Thursday, December 3, 2015

The Travel Adventures of PJ Mouse

Author Gwyneth Jane Page dedicates this children’s tale to her children, and acknowledges individuals such as Robert Wiersema for getting her started, Ashley Patton for computer assistance, and others for self-publishing aid. Preceding the main text is an illustration of a globe with a distorted view of North America, which is the setting of the story from rodent protagonist PJ’s perspective. The narrative itself opens with the titular mouse falling into a puddle, the initial illustration depicting him under a bench while drenched, having plummeted from a girl’s bag. Fortunately, PJ is discovered by a girl named Emily and her mother and taken home to get cleaned up.

After PJ becomes tidy, he learns of his savior family’s trip across Canada, with illustrations depicting a truck with a trailer. Occasionally peppered in the text are tidbits about the various locales the family and their mouse companion visit, including the Rocky Mountains, the family visiting a glacier in the mountain range as well, several images depicting PJ plummeting into a chasm and supposedly rescued by tape, though in the accompanying picture it looks more like a belt. They visit the Canadian prairies, go swimming in a lake, and proceed to Niagara Falls, with pictures denoting PJ floating up with manmade bubbles before plummeting.

The clan’s next destination is Quebec, visiting an old quarter of Quebec City, with occasional French phrases thrown in, the trip to Canada’s opposite coast ended in Nova Scotia. When they return home to Victoria, British Columbia, several images of flowers and one of fireworks end their trip, with a concluding encounter by PJ with the family cat. Despite the occasional visual incongruities, this is an enjoyable children’s book that younger audiences will likely eat up, and is mildly educational as well, always a plus for youth literature. The book would receive a sequel, with others in the work, too.

The author dedicates her first PJ Mouse sequel to her mother and family, not to mention an elementary school in her hometown of Victoria, British Columbia, which endorsed her first story. As with its predecessor, the second adventure depicts protagonist PJ’s view of the story’s setting, in this case Australia, an airplane flying to the location, specifically Queensland. The narrative opens with PJ, who has a passport of his own, and his adoptive family taking a plane to the land down under, with their excursion in the country commenced by a visit to the theme park Dreamworld on the Gold Coast, which is indeed a real place.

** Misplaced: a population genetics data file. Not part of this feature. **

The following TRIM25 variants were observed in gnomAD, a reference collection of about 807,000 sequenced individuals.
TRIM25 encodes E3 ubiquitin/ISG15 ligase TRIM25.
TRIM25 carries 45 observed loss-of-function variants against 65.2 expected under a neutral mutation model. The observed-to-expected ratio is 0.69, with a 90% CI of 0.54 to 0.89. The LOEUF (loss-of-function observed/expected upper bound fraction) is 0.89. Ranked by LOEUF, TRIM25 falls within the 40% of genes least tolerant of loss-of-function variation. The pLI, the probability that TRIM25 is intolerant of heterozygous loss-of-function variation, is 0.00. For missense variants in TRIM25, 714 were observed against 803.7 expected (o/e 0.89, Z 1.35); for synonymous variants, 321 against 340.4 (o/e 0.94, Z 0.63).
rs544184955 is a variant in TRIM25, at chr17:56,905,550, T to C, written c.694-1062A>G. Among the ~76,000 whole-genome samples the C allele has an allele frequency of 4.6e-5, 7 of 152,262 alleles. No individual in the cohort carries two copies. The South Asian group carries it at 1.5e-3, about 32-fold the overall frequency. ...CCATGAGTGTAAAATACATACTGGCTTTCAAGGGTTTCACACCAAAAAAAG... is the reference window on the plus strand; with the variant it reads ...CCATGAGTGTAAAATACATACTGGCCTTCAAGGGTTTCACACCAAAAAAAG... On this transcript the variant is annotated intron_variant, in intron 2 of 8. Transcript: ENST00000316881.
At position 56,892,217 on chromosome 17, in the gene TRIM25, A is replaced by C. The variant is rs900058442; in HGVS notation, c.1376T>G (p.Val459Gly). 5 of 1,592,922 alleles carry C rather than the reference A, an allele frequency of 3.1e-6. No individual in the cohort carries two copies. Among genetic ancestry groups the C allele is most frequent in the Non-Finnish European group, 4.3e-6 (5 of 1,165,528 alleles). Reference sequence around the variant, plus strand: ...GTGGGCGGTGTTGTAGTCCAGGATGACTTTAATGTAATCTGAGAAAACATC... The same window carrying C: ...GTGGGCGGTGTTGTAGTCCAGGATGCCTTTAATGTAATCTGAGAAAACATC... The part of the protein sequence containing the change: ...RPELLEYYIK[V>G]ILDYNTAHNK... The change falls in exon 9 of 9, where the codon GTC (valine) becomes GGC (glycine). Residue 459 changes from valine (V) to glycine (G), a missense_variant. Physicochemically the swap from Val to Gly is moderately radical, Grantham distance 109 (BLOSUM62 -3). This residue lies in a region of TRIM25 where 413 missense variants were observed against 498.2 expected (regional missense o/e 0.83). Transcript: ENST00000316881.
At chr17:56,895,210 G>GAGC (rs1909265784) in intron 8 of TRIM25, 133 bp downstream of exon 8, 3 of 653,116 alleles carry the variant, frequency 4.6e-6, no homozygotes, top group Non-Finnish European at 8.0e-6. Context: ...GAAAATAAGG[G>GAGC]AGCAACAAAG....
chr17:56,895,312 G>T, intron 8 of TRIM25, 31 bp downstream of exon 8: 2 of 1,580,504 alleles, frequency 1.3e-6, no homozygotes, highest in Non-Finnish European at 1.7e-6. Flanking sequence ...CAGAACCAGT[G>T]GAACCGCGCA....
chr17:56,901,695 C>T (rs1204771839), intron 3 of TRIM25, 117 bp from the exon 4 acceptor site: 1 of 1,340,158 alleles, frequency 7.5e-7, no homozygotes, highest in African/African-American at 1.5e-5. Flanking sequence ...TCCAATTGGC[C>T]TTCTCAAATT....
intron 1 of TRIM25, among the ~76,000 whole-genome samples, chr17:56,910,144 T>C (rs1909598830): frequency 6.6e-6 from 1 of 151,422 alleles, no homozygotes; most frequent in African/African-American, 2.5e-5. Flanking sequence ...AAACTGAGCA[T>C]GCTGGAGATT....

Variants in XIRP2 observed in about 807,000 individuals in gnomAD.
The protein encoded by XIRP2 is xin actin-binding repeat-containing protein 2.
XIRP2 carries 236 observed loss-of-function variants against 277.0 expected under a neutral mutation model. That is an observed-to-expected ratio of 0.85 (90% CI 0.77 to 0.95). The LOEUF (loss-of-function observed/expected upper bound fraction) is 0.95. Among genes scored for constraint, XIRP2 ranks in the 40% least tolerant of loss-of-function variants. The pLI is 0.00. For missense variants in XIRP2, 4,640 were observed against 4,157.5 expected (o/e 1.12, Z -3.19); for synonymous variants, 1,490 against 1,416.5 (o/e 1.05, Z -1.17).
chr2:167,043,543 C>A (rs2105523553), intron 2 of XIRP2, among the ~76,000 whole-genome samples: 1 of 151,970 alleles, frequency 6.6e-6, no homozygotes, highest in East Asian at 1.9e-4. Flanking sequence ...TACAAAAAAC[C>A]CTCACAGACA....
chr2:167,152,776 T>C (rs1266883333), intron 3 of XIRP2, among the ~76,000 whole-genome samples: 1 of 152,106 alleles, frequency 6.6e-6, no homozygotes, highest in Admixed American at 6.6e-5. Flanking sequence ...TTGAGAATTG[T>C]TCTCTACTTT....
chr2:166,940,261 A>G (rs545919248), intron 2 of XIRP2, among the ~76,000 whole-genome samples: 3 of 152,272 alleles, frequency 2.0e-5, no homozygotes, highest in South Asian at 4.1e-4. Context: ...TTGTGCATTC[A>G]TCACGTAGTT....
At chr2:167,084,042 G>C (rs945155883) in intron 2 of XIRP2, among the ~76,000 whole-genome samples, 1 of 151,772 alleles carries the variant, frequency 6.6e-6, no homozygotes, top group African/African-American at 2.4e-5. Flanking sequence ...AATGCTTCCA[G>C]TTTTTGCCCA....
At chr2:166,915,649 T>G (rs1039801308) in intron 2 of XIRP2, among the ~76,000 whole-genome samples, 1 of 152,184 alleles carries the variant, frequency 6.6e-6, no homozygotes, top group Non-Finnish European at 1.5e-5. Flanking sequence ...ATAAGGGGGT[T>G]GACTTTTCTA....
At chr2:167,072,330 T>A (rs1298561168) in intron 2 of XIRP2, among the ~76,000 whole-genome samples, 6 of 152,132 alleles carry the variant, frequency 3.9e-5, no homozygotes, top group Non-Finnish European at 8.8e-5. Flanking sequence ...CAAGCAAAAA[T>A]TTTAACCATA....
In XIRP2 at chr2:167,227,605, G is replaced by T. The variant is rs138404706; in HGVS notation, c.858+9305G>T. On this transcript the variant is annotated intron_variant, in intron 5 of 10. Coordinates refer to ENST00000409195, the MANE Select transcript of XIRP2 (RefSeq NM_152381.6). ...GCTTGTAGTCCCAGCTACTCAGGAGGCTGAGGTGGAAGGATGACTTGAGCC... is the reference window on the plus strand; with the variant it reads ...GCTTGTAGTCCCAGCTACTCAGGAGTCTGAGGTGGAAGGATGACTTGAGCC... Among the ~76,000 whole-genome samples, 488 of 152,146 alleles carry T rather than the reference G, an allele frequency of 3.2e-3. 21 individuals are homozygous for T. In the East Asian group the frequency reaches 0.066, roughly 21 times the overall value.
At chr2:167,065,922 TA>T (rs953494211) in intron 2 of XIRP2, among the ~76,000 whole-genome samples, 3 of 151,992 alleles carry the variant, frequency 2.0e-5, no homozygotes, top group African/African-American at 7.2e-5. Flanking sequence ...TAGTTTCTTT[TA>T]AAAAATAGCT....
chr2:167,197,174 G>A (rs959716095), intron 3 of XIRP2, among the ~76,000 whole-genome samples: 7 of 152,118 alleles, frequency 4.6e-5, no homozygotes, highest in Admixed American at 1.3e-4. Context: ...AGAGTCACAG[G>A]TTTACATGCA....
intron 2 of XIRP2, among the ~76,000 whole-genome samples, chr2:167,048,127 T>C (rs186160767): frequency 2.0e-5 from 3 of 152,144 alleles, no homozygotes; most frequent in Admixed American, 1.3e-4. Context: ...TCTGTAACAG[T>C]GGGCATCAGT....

Illustrations show the family and their pet enduring several excursions in the park, such as a water ride, a shark encounter, and a ride known as the Tower of Terror, with no relation to the Disney Parks venues of the same identity. PJ further tries his hand at boogie boarding, and discovers the various wonders of the coral reef, meeting a friendly tortoise named Mr. Turkin who helps him back to his family when he becomes lost. The rainforest is the clan’s subsequent destination, where PJ meets another talking animal, in this case a lorikeet, who too assists him in his return back to his owners.

The travelers further explore the wonders of egg-laying by a tortoise that happens to be Mr. Turkin’s wife, with she and her fellow female turtles afterward returning to the sea before their scion ultimately are hatched. Their final excursion consists of 4 x 4’ing on Australia’s beaches, after which they return home, and PJ has a talk with the family cat about the trip, the feline having been left behind. There is the incongruity of a character called Star Bear, due to his red and yellow stars and sunglasses, being hastily introduced in the concluding chapter, but otherwise, this is an enjoyable sequel that those who liked the first book will undoubtedly enjoy.
Author's Bio:

Gwyneth Jane Page (Jane), who holds an MBA from Simon Fraser University, has called many countries home. She grew up in such places as England, Peru, the USA, and the Caribbean, and has also lived in Australia and Canada. She now resides in Victoria, BC with her husband and four children. The PJ Mouse books are based on Jane's family trips with the real stuffed animal, PJ, who was found by Emily, Jane's youngest daughter.

Megan Elizabeth, Jane's second oldest daughter, has lived in Canada and Australia and travelled extensively with her family-and PJ. Having been artistic since she was a little girl, illustrating the PJ Mouse books has enabled her to combine her love of travel with her love of art. Megan completed her studies at VanArts and is now building her career as a professional photographer as well as an illustrator. She currently resides in Victoria, BC with her family.

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